Security Clearance Denial

Court Ordered Pretrial Intervention Programs and Security Clearances

Many security clearance applicants mistakenly believe that entering into a pretrial intervention (PTI) program with the court in order to get charges dismissed exonerates them and has no bearing on eligibility for a security clearance. This may be so in the private sector or in a criminal law context, but when it comes to federal background investigations this does not hold true. Adjudication for clearance eligibility is an administrative process based on the “whole person” concept. If there is credible information available that any reasonable and unbiased person would conclude the behavior or conduct actually occurred there need not be criminal conviction. Criminal prosecutors want to move cases quickly and more often than not offer defendants plea deals to get it off their plate. PTI programs are a popular way to accomplish this. Here is an example case:

This security clearance applicant was arrested in 2015 and charged with pornography-possession of obscene materials depicting minors (felony). He spent three weeks in jail waiting to bond out. The prosecuting attorney in the case offered the applicant the opportunity to enter into a PTI program and upon completion, would dismiss the charge. The applicant agreed to the plea deal, paid a $1,250 fine and completed the two-year PTI program, and afterwards the charges were dismissed. The applicant didn’t fully disclose the seriousness of the charge on his SF-86, leaving out the “minors” part, and continually obfuscated during various security interviews about what exactly led to the arrest.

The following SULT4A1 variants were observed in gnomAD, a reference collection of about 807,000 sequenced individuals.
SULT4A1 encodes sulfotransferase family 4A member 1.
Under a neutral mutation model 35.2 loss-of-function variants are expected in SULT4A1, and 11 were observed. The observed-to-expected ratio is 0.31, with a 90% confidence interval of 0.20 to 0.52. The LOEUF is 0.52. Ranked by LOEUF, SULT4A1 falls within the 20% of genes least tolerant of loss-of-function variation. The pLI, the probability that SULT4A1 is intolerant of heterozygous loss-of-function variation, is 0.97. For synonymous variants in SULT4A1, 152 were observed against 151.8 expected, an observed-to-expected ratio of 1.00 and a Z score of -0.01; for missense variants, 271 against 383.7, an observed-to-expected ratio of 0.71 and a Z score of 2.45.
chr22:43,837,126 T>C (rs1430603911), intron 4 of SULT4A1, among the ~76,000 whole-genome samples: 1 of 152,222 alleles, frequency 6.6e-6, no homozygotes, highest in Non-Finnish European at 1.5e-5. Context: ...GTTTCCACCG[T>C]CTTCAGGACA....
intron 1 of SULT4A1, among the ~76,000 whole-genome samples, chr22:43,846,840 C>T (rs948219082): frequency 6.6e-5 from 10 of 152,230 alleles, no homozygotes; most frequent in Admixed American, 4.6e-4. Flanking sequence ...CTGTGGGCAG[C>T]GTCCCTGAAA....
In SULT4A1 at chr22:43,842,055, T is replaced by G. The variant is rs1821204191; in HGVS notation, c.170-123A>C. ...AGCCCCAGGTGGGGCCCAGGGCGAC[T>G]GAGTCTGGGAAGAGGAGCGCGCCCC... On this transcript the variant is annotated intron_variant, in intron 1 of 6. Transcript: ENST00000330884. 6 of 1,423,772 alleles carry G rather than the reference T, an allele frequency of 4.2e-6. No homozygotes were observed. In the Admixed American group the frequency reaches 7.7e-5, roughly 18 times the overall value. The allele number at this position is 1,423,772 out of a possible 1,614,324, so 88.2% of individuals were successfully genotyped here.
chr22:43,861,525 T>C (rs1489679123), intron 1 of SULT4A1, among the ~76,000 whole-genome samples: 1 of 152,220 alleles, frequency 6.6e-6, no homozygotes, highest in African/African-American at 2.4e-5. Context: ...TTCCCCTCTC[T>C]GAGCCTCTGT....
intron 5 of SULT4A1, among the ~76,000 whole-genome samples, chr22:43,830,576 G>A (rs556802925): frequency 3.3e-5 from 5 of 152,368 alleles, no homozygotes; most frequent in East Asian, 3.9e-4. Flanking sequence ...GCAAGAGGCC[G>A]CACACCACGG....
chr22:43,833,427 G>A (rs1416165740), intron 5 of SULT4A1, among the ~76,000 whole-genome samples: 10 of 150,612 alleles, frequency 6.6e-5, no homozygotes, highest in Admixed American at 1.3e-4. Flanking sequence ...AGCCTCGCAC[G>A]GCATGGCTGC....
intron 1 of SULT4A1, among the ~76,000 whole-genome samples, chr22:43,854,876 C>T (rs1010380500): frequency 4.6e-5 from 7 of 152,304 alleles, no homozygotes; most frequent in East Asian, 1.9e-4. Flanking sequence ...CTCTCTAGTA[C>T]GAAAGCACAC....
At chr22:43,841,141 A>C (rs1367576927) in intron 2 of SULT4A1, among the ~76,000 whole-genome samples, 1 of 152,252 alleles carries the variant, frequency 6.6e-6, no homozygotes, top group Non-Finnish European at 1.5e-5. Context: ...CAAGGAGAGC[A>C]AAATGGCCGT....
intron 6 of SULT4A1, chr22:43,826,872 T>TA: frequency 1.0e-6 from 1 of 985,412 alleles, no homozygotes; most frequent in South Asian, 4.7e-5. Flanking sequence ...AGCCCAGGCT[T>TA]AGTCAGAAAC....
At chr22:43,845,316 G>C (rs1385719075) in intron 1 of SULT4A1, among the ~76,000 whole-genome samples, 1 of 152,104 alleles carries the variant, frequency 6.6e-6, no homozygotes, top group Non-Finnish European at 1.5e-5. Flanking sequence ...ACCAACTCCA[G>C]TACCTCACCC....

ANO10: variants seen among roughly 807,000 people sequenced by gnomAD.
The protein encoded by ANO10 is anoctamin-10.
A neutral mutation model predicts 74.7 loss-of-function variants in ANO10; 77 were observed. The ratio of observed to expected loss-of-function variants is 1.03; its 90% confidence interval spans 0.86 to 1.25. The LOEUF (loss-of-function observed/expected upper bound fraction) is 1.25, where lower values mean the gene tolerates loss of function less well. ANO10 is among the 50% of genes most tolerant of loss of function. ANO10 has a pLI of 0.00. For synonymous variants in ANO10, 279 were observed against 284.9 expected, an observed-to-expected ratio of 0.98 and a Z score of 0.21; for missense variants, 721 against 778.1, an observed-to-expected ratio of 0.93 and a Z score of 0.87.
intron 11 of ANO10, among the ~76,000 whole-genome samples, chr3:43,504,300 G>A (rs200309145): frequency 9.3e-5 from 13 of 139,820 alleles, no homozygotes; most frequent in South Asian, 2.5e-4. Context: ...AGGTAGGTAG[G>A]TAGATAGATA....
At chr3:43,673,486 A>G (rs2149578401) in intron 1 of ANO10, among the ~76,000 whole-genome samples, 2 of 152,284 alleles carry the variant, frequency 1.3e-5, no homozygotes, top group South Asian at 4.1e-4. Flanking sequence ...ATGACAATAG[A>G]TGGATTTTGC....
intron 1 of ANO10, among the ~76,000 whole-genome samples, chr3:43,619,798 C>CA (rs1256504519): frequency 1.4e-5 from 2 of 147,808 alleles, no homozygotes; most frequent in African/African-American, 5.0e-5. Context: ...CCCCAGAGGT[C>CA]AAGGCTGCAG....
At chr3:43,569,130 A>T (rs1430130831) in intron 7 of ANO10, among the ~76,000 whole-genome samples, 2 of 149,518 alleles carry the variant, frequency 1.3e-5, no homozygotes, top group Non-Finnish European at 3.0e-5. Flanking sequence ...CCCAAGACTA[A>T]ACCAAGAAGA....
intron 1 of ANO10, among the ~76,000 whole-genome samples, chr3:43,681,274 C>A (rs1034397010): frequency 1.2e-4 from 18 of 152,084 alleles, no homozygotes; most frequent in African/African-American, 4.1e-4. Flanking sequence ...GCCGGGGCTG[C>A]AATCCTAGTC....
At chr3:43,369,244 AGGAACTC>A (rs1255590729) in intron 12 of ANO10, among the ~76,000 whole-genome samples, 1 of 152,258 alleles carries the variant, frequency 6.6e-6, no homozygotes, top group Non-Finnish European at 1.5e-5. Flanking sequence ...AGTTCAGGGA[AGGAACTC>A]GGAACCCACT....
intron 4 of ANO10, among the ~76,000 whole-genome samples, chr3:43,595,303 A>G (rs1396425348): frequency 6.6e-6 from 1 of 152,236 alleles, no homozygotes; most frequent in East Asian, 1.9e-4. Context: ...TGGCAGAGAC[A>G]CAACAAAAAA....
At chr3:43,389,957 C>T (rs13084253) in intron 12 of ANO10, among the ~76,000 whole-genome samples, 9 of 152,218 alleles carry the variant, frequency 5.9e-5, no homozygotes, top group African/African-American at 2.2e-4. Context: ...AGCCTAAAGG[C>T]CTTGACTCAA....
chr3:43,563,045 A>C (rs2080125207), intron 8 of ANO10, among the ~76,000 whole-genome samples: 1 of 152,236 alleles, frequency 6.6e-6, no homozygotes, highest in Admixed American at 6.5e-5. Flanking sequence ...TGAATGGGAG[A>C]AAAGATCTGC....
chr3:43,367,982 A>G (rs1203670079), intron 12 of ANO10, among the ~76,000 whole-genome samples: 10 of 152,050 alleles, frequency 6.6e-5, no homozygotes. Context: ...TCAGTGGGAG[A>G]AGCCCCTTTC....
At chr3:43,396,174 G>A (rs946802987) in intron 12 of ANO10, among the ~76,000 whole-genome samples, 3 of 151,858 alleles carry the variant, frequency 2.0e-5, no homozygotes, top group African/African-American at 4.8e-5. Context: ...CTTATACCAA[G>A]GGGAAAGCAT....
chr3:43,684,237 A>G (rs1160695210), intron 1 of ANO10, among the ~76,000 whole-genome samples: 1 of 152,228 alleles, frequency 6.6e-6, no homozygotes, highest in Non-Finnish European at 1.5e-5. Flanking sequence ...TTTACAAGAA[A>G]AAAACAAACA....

His lack of candor about the whole situation and failure to accept responsibility for his behavior resulted in a denial of the appeal under adjudicative guidelines for Personal Conduct and Sexual Behavior. This case is a good example of what not to do when trying to overcome issues or concerns to obtain a security clearance.